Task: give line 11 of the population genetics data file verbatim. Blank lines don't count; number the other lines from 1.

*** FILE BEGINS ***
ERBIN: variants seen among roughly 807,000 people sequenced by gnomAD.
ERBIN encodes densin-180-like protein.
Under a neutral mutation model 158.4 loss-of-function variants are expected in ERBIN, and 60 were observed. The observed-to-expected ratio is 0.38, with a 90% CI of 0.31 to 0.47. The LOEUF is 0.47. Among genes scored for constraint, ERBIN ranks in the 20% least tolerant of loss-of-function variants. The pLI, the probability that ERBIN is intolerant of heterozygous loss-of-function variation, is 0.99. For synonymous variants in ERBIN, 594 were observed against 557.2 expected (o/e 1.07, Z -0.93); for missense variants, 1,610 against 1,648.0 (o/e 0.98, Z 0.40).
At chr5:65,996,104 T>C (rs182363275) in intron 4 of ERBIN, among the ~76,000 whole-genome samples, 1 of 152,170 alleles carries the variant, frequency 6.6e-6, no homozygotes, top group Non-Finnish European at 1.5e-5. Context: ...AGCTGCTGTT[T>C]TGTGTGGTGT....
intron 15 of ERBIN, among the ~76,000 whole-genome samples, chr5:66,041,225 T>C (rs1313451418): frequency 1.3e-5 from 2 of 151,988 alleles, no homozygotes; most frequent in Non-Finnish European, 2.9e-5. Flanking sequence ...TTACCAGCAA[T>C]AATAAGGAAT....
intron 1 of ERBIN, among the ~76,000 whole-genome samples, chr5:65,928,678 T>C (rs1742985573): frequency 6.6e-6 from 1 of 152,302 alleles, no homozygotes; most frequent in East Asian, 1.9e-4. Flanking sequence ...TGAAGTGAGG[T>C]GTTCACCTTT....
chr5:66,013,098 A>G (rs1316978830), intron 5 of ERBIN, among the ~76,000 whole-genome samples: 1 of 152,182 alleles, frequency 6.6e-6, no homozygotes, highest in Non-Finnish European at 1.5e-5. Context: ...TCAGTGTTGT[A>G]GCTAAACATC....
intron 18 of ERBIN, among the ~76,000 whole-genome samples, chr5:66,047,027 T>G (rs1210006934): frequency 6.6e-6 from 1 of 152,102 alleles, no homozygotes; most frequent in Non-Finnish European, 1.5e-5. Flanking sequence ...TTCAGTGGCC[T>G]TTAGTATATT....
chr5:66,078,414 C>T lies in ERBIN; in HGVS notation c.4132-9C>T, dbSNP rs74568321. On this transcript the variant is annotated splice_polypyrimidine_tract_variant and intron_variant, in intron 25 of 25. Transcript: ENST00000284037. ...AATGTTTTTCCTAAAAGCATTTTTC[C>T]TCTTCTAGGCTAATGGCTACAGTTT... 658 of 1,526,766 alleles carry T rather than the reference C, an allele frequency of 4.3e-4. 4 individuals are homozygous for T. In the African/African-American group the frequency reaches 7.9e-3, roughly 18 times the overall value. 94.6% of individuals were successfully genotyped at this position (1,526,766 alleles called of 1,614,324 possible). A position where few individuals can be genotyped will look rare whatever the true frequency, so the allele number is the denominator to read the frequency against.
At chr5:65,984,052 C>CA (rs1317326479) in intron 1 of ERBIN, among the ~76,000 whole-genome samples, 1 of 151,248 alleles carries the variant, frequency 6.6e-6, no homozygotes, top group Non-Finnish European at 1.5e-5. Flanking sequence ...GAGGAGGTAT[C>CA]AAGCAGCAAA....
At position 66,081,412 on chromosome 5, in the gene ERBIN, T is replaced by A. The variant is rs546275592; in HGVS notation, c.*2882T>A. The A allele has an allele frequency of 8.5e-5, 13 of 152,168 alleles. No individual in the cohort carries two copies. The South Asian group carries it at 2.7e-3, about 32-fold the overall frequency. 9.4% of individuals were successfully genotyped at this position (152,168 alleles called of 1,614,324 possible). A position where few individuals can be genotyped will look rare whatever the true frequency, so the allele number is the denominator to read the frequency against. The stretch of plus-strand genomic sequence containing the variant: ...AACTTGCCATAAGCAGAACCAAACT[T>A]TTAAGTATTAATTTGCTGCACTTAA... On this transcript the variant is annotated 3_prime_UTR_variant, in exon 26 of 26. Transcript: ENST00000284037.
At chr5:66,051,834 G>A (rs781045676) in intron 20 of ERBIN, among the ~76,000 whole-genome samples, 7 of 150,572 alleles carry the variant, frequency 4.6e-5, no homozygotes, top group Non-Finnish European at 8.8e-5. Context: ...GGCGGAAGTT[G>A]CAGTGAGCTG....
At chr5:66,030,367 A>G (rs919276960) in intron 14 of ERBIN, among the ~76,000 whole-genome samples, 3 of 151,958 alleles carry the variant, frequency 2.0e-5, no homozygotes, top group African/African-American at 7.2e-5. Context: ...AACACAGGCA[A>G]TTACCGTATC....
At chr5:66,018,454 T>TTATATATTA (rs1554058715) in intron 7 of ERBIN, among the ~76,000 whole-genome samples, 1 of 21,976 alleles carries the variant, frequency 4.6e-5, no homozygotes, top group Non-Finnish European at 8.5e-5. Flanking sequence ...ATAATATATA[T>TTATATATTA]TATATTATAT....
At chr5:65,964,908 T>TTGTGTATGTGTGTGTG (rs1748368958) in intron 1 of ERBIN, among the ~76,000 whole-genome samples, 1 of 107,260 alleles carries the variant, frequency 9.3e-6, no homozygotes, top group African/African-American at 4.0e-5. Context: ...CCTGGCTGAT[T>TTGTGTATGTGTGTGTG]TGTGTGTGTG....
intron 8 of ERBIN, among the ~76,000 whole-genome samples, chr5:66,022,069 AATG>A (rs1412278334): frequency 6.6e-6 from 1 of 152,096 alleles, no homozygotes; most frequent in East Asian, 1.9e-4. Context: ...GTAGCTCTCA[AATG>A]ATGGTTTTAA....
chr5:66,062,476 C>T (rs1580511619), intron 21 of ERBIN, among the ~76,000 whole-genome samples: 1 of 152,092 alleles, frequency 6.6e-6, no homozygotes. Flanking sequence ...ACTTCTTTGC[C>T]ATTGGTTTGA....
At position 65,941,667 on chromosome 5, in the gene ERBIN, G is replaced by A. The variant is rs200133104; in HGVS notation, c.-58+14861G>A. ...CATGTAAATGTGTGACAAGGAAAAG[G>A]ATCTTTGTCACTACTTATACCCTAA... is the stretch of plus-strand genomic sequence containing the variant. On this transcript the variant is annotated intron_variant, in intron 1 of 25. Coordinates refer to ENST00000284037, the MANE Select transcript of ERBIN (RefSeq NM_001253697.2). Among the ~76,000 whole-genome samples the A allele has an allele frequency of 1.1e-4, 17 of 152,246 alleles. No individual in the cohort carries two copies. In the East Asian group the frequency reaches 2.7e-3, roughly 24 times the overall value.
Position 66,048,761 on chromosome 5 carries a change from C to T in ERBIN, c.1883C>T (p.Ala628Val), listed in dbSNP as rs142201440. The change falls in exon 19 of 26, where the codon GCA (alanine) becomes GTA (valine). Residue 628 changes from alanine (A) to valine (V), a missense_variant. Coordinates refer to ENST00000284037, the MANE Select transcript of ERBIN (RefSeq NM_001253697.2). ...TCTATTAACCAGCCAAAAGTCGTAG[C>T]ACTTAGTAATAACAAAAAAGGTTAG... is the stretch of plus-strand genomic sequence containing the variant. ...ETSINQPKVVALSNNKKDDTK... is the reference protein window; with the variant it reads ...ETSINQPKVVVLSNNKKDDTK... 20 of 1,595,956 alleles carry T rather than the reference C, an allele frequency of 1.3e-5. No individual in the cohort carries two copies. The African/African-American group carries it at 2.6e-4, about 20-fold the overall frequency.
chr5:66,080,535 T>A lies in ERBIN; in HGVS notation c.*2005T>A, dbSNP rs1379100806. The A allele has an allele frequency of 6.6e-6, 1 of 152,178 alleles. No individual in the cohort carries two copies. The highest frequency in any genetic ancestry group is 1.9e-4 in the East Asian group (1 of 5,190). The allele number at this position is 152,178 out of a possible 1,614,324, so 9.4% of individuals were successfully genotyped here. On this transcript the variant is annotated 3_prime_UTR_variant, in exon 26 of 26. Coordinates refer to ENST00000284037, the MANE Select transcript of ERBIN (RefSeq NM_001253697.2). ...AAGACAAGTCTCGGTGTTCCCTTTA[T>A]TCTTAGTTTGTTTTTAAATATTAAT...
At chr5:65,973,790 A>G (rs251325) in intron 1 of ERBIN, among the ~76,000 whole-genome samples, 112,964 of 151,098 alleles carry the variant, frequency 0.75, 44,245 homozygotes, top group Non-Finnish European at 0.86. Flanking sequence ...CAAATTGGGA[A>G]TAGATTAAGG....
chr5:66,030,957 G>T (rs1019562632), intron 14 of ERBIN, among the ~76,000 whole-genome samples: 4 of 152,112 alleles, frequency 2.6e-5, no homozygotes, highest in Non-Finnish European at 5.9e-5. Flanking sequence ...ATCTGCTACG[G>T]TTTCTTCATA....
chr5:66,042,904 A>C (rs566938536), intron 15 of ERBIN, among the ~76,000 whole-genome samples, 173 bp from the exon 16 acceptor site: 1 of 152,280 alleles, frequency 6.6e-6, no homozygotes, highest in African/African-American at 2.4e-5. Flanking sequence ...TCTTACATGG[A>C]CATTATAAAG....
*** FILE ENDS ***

At position 66,081,412 on chromosome 5, in the gene ERBIN, T is replaced by A. The variant is rs546275592; in HGVS notation, c.*2882T>A. The A allele has an allele frequency of 8.5e-5, 13 of 152,168 alleles. No individual in the cohort carries two copies. The South Asian group carries it at 2.7e-3, about 32-fold the overall frequency. 9.4% of individuals were successfully genotyped at this position (152,168 alleles called of 1,614,324 possible). A position where few individuals can be genotyped will look rare whatever the true frequency, so the allele number is the denominator to read the frequency against. The stretch of plus-strand genomic sequence containing the variant: ...AACTTGCCATAAGCAGAACCAAACT[T>A]TTAAGTATTAATTTGCTGCACTTAA... On this transcript the variant is annotated 3_prime_UTR_variant, in exon 26 of 26. Transcript: ENST00000284037.